NOTE TO THE READER: In the interest of full disclosure, I want to make it known beforehand that I am openly hostile to the idea of the dialectic, and for reasons which I hope I will soon make perfectly clear.
Karl Marx developed a political theory he called ‘dialectic materialism.’ A ‘dialectic‘ is basically the inversion of opposites. In other words, a ‘dialectic’ is when a concept or process finds its reality in its opposite. For example: something becomes hot by becoming cold; or a thing ceases to exist by coming in to existence. But George Orwell may have explained it better with his term, ‘double-think,’ which is: ‘a simultaneous belief in two contradictory ideas.’
Now, before I go any further, let me say that I am fully aware that dedicated Marxists are going to vehemently disagree with my definitions of the dialectic. That’s fine: they are free to disagree all they like, but that does not make my definitions wrong. It just means they do not see or understand their error for reasons I am about to explain.
In my post about ‘Contradictions,’ I explain that a contradiction is an absurdity. An absurdity is something that is not real, something that does not and cannot exist in the objective or ‘real’ world. By definition, this means that anyone who sincerely believes in and embraces an absurdity is out of touch with the real world. Well, as impolitic as this may be to say, the common term for someone who is out of touch with the ‘real’ world is ‘insanity.’ So let me say this clearly:
Yes! I am saying that I believe Marxists are insane.
Now, let me prove my claim. We start with the foundation of Marxist theory: the notion of ‘material dialectic.’ Marx believed that nothing is permanent. Everything changes; everything is in a constant process of becoming and ceasing to be.
OK, stop right there. If you have read my post on the applied logic in reference to contradiction, then you may already recognize that this assertion is self-contradicting. And, if it is self-contradicting, then it is absurd, which means — in the terms we are currently using — ‘insane.’ So, how is it self-contradicting? Simple:
Marx says nothing is permanent.
Then he says everything is in a constant state of change.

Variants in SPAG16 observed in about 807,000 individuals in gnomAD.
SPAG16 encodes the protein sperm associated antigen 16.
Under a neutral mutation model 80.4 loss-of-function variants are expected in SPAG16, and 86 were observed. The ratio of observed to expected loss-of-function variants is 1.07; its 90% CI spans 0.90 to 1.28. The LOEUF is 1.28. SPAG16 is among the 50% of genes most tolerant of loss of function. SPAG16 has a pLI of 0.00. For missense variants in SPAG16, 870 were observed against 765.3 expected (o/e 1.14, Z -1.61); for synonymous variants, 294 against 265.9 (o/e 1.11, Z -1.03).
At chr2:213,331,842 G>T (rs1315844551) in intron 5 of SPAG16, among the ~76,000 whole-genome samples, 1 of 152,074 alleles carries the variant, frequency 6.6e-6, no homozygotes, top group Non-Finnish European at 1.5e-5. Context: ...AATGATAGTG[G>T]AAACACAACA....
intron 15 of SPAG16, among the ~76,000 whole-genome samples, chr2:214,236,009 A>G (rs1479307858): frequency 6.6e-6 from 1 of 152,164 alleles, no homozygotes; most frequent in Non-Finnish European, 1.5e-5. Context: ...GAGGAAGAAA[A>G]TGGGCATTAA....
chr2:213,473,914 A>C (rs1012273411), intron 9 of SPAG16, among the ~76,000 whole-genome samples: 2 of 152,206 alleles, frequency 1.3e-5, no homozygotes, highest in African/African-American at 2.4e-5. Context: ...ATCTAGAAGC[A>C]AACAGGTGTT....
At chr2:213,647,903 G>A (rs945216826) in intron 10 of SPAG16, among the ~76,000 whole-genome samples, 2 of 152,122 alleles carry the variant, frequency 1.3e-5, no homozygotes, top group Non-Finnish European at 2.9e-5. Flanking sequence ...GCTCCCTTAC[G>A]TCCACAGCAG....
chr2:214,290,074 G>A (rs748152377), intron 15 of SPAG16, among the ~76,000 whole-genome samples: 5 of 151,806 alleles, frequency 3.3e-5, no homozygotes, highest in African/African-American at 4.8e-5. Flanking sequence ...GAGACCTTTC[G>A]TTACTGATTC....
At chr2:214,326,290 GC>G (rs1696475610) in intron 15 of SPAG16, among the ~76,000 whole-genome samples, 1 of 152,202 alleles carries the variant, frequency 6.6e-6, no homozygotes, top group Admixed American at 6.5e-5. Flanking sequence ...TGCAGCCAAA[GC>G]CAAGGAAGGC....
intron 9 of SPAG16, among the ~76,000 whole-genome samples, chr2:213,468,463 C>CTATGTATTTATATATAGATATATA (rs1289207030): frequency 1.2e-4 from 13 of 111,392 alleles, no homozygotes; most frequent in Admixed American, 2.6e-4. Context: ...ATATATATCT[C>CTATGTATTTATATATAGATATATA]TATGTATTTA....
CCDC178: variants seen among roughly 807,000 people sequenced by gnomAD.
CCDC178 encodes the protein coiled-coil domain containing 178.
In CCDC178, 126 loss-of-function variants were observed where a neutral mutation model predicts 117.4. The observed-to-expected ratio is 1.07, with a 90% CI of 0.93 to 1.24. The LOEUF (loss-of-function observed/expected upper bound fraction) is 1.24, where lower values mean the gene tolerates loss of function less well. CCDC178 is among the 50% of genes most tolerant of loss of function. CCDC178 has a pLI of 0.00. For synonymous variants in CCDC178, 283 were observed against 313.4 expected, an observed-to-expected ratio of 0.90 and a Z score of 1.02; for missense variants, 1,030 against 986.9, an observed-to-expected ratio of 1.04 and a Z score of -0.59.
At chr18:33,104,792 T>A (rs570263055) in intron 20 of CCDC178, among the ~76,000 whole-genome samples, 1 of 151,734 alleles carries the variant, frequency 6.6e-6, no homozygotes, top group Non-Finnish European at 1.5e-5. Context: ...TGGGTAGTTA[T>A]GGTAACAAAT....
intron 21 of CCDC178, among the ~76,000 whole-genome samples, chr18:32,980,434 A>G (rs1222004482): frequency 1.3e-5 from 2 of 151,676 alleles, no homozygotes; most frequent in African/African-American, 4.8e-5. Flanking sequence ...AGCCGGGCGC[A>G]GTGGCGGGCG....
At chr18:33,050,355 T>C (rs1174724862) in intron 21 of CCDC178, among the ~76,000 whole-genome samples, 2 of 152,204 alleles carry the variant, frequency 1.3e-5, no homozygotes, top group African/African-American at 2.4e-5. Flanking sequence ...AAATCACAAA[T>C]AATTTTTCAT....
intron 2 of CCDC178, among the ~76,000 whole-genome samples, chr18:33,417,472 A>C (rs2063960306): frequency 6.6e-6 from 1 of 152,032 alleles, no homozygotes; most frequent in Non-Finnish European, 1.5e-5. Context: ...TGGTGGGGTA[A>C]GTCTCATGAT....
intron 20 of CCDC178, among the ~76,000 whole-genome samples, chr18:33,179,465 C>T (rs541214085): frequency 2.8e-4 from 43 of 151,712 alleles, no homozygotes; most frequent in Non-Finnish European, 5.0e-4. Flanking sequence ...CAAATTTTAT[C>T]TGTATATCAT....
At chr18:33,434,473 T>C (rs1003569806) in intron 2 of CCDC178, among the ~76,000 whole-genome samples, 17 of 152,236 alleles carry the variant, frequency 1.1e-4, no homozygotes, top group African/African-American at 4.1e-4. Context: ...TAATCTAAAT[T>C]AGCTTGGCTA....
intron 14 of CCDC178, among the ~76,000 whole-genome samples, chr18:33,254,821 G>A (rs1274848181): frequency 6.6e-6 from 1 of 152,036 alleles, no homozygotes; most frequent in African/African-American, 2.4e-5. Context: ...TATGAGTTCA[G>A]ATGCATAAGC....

That constant state of change is permanent, which cannot be according to his first claim.
Therefore, Marx’s idea of the material dialectic is base on a self-defeating contradiction and, therefore, is an absurdity — as is everything which flows from it.
Now, as I stated earlier: anyone who sincerely believes in and embraces an absurdity is ‘insane.’ Ergo, Marxists are insane. But then, so are all those who believe in the ideas which flowed from it. Ideas such as Communism and Socialism…
These ideas — Marxism, Communism and Socialism — do not exist or function in the real world. This is because they violate the principles of Natural Law. Now, it is true, they can be given the appearance of existing, but only for a short time. It is much like sweeping water up hill with a broom: it can be done, but only for so long. Eventually, the weight and volume of the water overcomes your ability to hold back the force of gravity and the water floods past your broom. Well, this is what happens in all Communes and Socialist economies/Nations. They can be made to work for a short time but, eventually, the Natural Las governing human nature and economics eventually take over and they fail. Venezuela is the most recent example of this fact: and I say ‘fact’ because this has ever been the result of all Communist/Socialist systems. They have all failed in the span of one lifetime — or less (keep in mind that this does not mean a nation has to cease to exist. The ‘resetting’ of a government indicates the failure of the previous government).
Other illustrations of the point I am trying to make would be:
Flying: just because you manage to get up in a balloon, plane, helicopter or other device, this does not mean you can now fly. As soon as the power allowing you to fly runs out, gravity will prove to you that you cannot fly, you can only ride in a machine that flies, and even then, only so long as it has the power to defy gravity.
One cannot spend forever without producing. Even if you borrow the money, someone else is still producing the money you borrow. Therefore, you are just passing off the production to another person, but you are still dependent upon production. Nor can one just ‘print’ money. This is because that money has no value behind it because there is no production behind it. Therefore, it soon becomes useless — like it has in Venezuela. Sooner or later, the laws of economics will assert themselves.
One cannot change the nature of a thing by changing the word we use to discuss that thing. For example: if it is believed that the word ‘handicapped’ carries a bad connotation, one cannot change that image in the mind of other people simply by forcing them to use the word, ‘challenged.’ The word may change, but the image or the nature of the issue does not. This is because words do not create the nature of a thing, instead, words are used to describe or discuss that nature. The thing is not created by the word, the word is created to discuss or describe the thing. The laws of language and logic do not bend to the whim of the ‘insane.’
So, hopefully the reader can see that, while we may be able to convince ourselves that an absurdity is true, this does not make it true. However, if we believe that something is true simply because we believe it, that does makes us insane. Hence, the Marxist is insane because he or she believes in something that is not true, and it is not true by definition. In this case, that would be the definition of ‘contradiction.’